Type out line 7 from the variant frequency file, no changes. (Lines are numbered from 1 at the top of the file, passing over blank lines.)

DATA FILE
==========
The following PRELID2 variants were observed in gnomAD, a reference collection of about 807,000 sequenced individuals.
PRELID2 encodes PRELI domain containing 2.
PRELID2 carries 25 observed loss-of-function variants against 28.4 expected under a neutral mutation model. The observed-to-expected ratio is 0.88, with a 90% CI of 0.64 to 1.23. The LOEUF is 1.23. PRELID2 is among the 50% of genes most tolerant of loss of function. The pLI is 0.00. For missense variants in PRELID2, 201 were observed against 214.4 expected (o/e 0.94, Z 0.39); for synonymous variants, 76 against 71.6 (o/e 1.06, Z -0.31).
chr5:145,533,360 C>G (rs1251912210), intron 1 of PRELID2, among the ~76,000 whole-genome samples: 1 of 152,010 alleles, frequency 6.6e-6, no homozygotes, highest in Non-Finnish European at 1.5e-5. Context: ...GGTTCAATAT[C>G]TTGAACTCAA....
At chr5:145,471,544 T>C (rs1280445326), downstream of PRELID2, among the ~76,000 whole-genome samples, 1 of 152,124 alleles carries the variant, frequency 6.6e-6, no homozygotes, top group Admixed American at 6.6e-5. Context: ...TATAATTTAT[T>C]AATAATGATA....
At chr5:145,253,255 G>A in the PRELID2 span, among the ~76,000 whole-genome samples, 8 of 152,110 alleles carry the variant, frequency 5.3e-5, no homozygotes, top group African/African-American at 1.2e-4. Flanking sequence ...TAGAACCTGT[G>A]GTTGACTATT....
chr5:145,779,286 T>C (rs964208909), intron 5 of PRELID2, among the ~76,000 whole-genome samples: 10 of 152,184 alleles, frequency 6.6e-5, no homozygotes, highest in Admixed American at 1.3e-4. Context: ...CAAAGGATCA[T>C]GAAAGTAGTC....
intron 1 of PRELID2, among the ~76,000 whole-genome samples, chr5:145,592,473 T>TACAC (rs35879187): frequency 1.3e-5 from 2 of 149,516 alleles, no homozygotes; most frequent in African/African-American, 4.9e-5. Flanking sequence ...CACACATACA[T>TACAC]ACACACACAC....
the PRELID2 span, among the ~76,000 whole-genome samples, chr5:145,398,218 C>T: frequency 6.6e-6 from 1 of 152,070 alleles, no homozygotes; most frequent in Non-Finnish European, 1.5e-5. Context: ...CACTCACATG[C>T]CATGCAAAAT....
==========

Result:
chr5:145,779,286 T>C (rs964208909), intron 5 of PRELID2, among the ~76,000 whole-genome samples: 10 of 152,184 alleles, frequency 6.6e-5, no homozygotes, highest in Admixed American at 1.3e-4. Context: ...CAAAGGATCA[T>C]GAAAGTAGTC....